- Paperback: 352 pages
- Publisher: Picador; 1st edition (November 25, 2008)
- Language: English
- ISBN-10: 0312428189
- ISBN-13: 978-0312428181
- Product Dimensions: 5.5 x 16.6 x 8.3 inches
- Shipping Weight: 9.6 ounces (View shipping rates and policies)
- Average Customer Review: 4.5 out of 5 stars See all reviews (211 customer reviews)
- Amazon Best Sellers Rank: #25,726 in Books (See Top 100 in Books)
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An Incomplete Revenge (Maisie Dobbs Book 5) Paperback – November 25, 2008
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From Publishers Weekly
In Edgar-finalist Winspear's enjoyable fifth installment in her Maisie Dobbs series (after 2006's Messenger of Truth), the psychologist/investigator digs deep into a village's long-buried secrets. Maisie's benefactor, tycoon James Compton, wants to buy an estate in the bucolic hamlet of Heronsdene, but is wary after a string of mysterious fires. Maisie soon proves Compton's suspicions correct when she encounters the shady current landowner and a vaguely menacing band of Gypsies in town for the seasonal harvest. The locals are also curiously tight-lipped about Heronsdene's wartime tragedy, when a zeppelin raid wiped out a family. Teasing out Heronsdene's secrets will take all the intrepid former nurse's psychological skills and test her ability to navigate between the Gypsy and gorja (non-Gypsy) worlds. Winspear vividly evokes England between the wars, when the old order crumbled and new horizons beckoned working women like her appealing heroine. Even if a few of the plot twists prove predictable, this jaunt back to a bygone era is as satisfying as a spin in Maisie's MG. (Feb.)
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“Maisie Dobbs is a revelation.” ―Alexander McCall Smith, Author of The No. 1 Ladies Detective Agency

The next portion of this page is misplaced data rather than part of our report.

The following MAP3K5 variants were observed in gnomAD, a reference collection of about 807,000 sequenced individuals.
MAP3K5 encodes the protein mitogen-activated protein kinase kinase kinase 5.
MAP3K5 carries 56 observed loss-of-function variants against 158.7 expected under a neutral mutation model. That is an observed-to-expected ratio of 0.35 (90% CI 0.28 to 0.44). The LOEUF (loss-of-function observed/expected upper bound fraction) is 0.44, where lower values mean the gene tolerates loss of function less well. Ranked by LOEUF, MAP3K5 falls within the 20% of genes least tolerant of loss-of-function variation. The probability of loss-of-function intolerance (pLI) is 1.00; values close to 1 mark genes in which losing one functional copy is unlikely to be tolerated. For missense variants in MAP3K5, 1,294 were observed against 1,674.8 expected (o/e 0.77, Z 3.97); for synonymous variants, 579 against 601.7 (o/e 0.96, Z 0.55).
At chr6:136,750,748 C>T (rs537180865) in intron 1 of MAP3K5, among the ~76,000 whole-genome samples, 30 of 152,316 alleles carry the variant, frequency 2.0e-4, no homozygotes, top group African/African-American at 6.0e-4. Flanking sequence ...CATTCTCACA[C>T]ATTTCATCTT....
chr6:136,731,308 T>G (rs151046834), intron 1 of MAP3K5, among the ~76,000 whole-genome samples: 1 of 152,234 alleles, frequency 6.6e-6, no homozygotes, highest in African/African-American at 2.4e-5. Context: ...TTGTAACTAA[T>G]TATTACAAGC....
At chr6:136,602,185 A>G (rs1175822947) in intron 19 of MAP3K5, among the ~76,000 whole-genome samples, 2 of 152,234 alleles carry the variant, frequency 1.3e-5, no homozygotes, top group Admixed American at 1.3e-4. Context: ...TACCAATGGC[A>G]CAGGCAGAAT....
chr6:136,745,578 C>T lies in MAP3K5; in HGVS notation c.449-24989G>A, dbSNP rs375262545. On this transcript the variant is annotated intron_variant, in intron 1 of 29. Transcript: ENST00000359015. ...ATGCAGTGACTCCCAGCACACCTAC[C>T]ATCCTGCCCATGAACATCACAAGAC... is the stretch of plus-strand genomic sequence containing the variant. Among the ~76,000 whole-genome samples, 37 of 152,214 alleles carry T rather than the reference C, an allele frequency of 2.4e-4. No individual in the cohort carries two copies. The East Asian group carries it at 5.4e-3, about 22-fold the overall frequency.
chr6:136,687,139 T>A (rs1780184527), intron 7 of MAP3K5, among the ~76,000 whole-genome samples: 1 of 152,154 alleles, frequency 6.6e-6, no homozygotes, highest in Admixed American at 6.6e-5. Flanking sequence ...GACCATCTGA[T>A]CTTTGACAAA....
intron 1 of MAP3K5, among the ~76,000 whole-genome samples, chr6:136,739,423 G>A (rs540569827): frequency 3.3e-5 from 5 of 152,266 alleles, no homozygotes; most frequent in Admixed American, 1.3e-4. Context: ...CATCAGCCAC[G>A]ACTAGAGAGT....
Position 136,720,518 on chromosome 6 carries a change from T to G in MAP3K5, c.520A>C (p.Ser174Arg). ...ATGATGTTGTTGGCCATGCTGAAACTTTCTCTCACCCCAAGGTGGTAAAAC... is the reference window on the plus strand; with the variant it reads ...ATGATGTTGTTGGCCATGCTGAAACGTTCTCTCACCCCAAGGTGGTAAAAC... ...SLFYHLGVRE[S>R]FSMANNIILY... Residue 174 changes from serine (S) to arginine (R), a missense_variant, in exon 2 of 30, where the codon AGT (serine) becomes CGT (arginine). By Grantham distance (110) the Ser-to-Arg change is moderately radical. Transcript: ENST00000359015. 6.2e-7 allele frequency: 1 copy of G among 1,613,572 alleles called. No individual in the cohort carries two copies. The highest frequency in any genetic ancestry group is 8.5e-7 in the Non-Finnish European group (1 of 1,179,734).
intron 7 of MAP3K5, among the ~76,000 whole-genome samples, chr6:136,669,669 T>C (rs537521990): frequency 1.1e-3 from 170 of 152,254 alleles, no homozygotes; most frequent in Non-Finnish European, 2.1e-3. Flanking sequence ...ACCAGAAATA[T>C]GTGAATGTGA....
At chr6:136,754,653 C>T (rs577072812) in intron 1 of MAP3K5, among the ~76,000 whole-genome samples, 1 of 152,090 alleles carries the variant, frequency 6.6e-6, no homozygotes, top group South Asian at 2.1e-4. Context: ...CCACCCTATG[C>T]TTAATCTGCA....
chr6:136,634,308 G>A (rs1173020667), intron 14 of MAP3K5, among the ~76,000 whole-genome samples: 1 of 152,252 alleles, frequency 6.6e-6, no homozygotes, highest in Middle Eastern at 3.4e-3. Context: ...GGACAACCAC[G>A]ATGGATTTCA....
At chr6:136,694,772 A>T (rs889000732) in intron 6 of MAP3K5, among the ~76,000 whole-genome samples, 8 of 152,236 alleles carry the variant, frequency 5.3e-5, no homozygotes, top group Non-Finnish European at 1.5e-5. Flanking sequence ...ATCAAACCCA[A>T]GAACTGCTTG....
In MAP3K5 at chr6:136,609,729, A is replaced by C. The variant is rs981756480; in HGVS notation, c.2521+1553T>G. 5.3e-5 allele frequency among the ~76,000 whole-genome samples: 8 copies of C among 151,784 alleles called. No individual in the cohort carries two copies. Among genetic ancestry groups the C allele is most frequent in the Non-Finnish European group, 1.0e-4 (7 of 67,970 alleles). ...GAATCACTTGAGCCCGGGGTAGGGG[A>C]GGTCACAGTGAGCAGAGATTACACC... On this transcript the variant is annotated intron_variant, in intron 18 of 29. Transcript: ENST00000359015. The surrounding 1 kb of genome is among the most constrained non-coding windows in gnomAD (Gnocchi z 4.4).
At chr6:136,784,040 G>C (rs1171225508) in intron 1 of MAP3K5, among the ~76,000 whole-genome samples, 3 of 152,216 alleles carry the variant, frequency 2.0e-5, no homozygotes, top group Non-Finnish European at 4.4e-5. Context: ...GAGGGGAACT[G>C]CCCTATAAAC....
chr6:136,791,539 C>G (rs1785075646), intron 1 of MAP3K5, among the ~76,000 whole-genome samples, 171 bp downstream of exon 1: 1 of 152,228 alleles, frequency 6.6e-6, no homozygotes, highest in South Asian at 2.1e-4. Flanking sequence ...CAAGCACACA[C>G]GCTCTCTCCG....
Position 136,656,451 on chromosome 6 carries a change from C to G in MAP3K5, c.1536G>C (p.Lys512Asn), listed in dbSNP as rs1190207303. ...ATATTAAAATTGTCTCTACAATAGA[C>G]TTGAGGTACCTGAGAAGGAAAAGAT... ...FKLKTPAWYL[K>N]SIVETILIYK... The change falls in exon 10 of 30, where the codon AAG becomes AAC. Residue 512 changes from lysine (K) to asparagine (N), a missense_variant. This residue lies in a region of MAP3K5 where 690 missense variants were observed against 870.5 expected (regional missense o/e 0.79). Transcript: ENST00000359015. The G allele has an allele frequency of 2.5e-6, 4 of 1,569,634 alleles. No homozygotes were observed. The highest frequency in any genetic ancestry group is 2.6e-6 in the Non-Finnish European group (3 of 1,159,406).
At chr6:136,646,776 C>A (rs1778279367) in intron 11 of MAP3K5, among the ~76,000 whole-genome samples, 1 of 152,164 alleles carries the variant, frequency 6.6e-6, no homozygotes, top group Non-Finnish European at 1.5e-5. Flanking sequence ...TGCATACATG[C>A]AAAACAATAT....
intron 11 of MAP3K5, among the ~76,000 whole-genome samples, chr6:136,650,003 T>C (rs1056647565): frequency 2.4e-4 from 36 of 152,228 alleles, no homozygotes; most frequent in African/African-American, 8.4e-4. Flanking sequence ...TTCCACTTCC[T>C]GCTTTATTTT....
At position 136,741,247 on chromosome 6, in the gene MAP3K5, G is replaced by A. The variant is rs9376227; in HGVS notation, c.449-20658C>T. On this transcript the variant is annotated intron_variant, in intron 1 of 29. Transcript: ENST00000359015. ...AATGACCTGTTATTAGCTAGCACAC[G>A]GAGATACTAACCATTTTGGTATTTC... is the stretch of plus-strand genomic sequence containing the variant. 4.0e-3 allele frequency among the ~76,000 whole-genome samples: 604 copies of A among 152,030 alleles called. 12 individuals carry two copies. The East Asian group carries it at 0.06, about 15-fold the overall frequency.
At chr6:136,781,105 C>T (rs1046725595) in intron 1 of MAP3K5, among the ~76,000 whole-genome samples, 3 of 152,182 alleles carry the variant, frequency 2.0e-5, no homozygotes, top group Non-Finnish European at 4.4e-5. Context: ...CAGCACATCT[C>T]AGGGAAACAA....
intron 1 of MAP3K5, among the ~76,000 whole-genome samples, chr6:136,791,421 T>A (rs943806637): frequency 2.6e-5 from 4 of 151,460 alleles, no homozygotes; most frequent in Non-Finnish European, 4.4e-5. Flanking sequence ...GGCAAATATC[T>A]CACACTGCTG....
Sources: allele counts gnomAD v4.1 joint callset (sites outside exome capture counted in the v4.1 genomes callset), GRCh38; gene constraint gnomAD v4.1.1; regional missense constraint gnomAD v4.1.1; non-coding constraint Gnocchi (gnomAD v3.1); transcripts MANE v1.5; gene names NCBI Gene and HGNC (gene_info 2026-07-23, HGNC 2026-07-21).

“Those unfamiliar with the Maisie Dobbs series are best advised to start here and work their way backward. . . . An Incomplete Revenge shows Maisie at the top of her detecting form.” ―Newsday
“A smart, pragmatic private investigator and psychologist with extraordinary empathic sensitivity . . . Every page of this novel is dense with affectionately rendered period detail. Winspear deftly intertwines multiple story lines. The tale becomes increasingly gripping as the novel progresses toward a truly moving ending.” ―The Boston Globe
“Winspear's lively and graceful prose, strong sense of time and place, and her ability to create believable and sympathetic characters make the book a joy to read.” ―The Denver Post
“A pleasure . . . This nuanced series explores England in the aftermath of World War I, when millions of women who lost their husbands, lovers, and sons were left to make their own ways. Maisie is one of that group, and her way is an appealing one.” ―The Times-Picayune (New Orleans)
“A compelling and intriguing puzzle . . . Winspear infuses this moving novel with wisdom, restrained emotion and, as is her custom, issues of morality.” ―Richmond Times-Dispatch
“Intriguing . . . Fascinating . . . Skillfully drawn.” ―The Washington Times
“One of the more robust entries in the historical mystery category.” ―The Seattle Times
“Often eloquent and deeply human.” ―The Providence Journal
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Top Customer Reviews
Maisie Dobbs and the legacy of war